George Orwell, 1984

The Australian and its free speech absolutist supporters are relying on the memory hole to erase any idea that there might be some value in media accountability and light touch regulation.

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Dear Media CEOs: stop meddling in our democracy

July 5, 2012

Dear media CEOs,

Thanks for your recent letter to Prime Minister Julia Gillard outlining concerns some of you have about regulation of the news media industry.

First a question regarding your views of a proposed “public interest test”: What are you afraid of?

Your letter suggests that any public interest requirement would be a “massive” increase in regulation. But your evidence for this is very slight and even misleading.

For example, you mention the Australian Communications and Media Authority (ACMA) rules on media ownership, but these do not apply to the print media. The Australian Competition and Consumer Commission’s (ACCC) powers and the Trade Practices Act are in place to protect the interests of news consumers, but they are not a protection of our rights as citizens.

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The future of newspapers: Anybody’s guess at this stage

June 27, 2012

This post is a work in progress; I have published today [June 27] to get the ball rolling, I will be adding to this post over the next 72 hours.

On Monday 18 June the sky began falling in the Australian news media. Within 10 days the world of Australian journalism had changed forever, but the change hadn’t stopped.

Over 3000 jobs were going to be purged from Australia’s two largest news organisations.

The West Australian mining mogul, Gina Rinehart, was poised over Fairfax Media like a vulture over the corpse of a dying baby.

We all knew why she was there; it was just a matter of time.

That was the week that was (June 18-24)

What is the future of newspapers? At the end of a week in which both Fairfax Media and News Limited announced seismic changes to their business – including ditching about 3000 jobs between them – what can we say about the printed news sheet?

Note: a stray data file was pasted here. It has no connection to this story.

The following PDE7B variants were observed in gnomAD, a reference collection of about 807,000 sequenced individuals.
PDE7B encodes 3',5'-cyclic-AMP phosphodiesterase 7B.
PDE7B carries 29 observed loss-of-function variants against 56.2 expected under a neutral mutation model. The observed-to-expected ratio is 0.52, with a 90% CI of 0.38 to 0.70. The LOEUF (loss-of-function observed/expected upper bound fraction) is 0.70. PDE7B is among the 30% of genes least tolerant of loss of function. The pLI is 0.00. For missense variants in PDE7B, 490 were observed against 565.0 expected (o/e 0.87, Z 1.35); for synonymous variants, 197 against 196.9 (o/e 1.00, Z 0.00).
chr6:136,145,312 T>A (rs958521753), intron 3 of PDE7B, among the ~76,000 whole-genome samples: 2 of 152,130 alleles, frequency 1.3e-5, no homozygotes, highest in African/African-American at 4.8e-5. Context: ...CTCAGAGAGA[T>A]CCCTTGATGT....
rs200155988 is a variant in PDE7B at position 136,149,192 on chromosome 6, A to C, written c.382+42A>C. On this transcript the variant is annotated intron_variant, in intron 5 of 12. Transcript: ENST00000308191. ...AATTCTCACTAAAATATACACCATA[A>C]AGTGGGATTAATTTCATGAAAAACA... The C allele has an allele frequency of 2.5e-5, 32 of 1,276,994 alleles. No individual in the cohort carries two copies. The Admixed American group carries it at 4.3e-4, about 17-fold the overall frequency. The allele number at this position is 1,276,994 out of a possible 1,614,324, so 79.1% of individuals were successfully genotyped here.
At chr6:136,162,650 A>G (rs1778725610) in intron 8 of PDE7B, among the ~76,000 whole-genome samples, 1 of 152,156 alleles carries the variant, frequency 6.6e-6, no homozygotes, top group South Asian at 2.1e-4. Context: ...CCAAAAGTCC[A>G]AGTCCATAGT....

Well, it seems that the answer is ‘heaps and heaps’. Millions of words have been written, blogged and spoken on the future of newspapers this week; tens of thousands of them even appeared in the newspapers themselves.

So what do we really know at this point?

Not much more than we did last weekend, is my quick answer.

The ‘perfect storm’ that hit Fairfax Media this week — with Gina Rinehart at its epicentre — has been a long time coming. The Fairfax share price has been on a really steep down slide for the last two to three years.

Today it’s under 60 cents, just three months ago is was over 70 cents. The last time it was over $1.00 was June 2011; it dropped under $2.00 in November 2008. It was last at $3.00 in June 2008 and we have to go back nearly six years to December 2006 to see Fairfax at over $5.00.

In contrast the News Corporation share price on the ASX has jumped from $16 to $20 since June 2011. It has been over $15 for the past three years despite some ups and downs and has risen from a low of $12.91 on 23 June, 2009.

This shows that the problems facing Fairfax Media are commercial and financial, not just or even mostly technological.

These problems are not brand new either. It is not the Internet that has caused the total collapse of the newspaper business model; it has been a long time coming. It is instructive to go back and look at the history of the newspaper industry in Australia to understand why we are in the situation of having the Rupert Rinehart duopoly looming over the news media’s future.

Fairfax has a new model

In the middle of the second week of this perfect storm – June 27 to be precise – things did become a little clearer.

Three senior Fairfax editors had left the newsroom for the last time. It seems that there was a period of negotiation – one incoming new EiC (see org chart below) admitted he had been in discussion with management for about two weeks.

Still, many reporters were shocked and emotional scenes were reported.

News Limited announced around 100 job cuts, mainly in regional areas, including the Gold Coast and Fairfax unveiled a new newsroom model to staff.

The Fairfax model looks a bit like the broken ferris wheel here in Melbourne and I can’t help wondering why some of the content wedges are bigger than others. Is it because they will get more attention in the new system of content brokerage across neutral platforms?

If it is then going ‘compact’, or ‘tabloid’ is about more than just the size of the page.